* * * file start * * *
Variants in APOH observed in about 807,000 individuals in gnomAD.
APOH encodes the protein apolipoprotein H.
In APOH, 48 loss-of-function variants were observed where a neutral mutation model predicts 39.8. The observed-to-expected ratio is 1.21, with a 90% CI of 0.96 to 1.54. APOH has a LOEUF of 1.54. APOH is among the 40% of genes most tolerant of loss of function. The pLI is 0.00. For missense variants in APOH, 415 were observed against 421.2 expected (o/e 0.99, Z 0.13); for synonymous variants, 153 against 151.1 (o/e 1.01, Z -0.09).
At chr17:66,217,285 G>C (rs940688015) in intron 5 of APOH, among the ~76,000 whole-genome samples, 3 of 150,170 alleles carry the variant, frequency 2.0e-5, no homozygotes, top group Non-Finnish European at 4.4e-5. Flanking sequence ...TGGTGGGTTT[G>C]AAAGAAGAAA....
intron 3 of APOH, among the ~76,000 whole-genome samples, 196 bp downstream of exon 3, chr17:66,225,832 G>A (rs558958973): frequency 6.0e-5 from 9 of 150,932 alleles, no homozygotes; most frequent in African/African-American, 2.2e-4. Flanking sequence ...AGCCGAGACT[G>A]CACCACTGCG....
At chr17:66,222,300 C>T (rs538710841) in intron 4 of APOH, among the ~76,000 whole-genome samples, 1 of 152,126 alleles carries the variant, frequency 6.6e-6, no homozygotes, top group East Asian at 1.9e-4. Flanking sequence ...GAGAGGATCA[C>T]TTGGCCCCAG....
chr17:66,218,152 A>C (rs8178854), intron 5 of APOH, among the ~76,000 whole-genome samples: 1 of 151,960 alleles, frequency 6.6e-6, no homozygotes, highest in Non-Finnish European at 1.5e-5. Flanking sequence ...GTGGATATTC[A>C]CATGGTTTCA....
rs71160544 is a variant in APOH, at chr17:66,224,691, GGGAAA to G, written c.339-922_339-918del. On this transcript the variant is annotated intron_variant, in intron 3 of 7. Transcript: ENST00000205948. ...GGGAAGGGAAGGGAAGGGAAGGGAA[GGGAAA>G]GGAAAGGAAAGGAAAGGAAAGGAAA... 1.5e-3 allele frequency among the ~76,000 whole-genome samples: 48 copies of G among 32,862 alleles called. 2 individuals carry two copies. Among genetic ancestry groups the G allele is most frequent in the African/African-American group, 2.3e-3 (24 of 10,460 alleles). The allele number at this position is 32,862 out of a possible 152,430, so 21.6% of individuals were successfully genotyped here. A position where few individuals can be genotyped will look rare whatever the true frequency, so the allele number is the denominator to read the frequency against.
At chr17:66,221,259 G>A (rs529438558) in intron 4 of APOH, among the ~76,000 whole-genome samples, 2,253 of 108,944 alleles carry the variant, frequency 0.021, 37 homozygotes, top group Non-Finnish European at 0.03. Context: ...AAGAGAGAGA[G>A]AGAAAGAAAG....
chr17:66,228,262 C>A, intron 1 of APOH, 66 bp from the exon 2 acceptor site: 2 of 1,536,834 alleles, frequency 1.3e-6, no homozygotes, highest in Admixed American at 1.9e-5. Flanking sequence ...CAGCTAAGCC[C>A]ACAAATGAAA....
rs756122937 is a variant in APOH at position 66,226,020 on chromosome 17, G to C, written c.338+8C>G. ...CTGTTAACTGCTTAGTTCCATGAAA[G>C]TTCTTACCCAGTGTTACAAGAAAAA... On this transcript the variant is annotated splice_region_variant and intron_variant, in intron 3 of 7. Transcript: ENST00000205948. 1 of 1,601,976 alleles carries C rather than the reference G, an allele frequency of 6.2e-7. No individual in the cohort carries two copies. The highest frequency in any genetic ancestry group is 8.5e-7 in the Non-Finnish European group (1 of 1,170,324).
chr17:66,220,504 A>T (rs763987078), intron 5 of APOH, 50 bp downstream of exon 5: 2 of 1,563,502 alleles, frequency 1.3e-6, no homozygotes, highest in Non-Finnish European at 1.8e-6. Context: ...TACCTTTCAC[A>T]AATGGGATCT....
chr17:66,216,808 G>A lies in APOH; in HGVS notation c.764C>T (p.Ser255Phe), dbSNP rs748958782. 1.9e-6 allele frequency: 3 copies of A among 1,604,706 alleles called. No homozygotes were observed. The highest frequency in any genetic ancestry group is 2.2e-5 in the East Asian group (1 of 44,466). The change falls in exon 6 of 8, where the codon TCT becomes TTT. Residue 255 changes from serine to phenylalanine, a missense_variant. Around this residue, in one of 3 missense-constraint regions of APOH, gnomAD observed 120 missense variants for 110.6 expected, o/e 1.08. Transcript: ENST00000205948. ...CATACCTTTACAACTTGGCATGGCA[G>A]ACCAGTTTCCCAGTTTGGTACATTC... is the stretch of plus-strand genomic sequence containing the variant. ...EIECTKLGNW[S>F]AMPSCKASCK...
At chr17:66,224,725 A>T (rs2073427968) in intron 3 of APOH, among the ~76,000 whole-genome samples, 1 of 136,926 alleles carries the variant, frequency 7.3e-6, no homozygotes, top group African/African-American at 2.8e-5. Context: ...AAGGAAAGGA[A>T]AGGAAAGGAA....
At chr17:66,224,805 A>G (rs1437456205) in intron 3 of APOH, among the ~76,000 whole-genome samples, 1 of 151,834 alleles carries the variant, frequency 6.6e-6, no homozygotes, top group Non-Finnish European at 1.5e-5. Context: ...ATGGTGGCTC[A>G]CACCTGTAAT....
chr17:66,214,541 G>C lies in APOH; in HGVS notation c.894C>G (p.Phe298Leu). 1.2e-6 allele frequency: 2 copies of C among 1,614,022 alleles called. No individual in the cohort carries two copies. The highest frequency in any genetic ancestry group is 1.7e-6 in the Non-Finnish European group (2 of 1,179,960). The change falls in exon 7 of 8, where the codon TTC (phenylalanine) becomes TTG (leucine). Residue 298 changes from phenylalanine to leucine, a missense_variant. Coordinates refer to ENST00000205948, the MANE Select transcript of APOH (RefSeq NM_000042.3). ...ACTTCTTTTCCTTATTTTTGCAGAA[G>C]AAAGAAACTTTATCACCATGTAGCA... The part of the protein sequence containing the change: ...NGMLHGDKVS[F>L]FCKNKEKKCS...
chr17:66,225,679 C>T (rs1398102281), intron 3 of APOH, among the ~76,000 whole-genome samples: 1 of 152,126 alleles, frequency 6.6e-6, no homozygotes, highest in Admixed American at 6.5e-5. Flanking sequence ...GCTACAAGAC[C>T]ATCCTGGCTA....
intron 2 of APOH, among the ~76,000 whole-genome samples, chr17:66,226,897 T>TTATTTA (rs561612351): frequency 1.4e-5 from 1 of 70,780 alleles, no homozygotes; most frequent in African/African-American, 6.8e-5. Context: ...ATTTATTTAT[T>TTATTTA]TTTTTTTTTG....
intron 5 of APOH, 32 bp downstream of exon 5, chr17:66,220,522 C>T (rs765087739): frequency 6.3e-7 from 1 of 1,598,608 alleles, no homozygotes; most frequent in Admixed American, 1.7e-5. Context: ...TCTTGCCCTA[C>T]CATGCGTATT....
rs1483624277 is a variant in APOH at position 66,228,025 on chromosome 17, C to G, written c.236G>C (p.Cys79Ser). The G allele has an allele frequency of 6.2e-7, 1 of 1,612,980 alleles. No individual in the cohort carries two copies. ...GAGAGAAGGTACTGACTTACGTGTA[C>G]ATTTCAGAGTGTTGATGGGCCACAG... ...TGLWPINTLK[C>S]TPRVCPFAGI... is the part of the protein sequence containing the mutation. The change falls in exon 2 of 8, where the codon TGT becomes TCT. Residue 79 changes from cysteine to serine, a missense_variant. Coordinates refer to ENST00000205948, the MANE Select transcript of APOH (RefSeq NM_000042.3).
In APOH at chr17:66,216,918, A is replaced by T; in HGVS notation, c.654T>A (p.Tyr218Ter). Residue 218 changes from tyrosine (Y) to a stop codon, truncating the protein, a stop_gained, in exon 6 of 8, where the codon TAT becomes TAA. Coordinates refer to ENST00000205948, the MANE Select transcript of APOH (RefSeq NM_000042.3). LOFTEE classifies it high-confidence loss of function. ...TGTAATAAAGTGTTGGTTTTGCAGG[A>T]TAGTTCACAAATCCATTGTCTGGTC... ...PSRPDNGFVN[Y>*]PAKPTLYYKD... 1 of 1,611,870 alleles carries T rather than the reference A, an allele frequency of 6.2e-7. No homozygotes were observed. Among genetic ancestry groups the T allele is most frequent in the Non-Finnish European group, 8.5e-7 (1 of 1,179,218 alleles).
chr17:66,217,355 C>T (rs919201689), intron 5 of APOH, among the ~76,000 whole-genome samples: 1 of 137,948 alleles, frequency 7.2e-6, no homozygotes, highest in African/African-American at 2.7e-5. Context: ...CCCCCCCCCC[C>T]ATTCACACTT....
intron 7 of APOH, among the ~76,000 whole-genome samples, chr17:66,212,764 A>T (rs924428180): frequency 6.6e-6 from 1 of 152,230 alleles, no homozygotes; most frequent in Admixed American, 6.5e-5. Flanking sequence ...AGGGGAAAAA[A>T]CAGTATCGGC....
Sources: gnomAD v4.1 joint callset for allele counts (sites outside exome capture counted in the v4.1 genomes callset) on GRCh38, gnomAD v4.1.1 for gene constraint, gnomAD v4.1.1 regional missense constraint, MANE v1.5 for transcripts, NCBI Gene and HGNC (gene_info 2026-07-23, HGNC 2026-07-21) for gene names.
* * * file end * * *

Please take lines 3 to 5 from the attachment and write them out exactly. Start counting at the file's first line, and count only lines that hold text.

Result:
In APOH, 48 loss-of-function variants were observed where a neutral mutation model predicts 39.8. The observed-to-expected ratio is 1.21, with a 90% CI of 0.96 to 1.54. APOH has a LOEUF of 1.54. APOH is among the 40% of genes most tolerant of loss of function. The pLI is 0.00. For missense variants in APOH, 415 were observed against 421.2 expected (o/e 0.99, Z 0.13); for synonymous variants, 153 against 151.1 (o/e 1.01, Z -0.09).
At chr17:66,217,285 G>C (rs940688015) in intron 5 of APOH, among the ~76,000 whole-genome samples, 3 of 150,170 alleles carry the variant, frequency 2.0e-5, no homozygotes, top group Non-Finnish European at 4.4e-5. Flanking sequence ...TGGTGGGTTT[G>C]AAAGAAGAAA....
intron 3 of APOH, among the ~76,000 whole-genome samples, 196 bp downstream of exon 3, chr17:66,225,832 G>A (rs558958973): frequency 6.0e-5 from 9 of 150,932 alleles, no homozygotes; most frequent in African/African-American, 2.2e-4. Flanking sequence ...AGCCGAGACT[G>A]CACCACTGCG....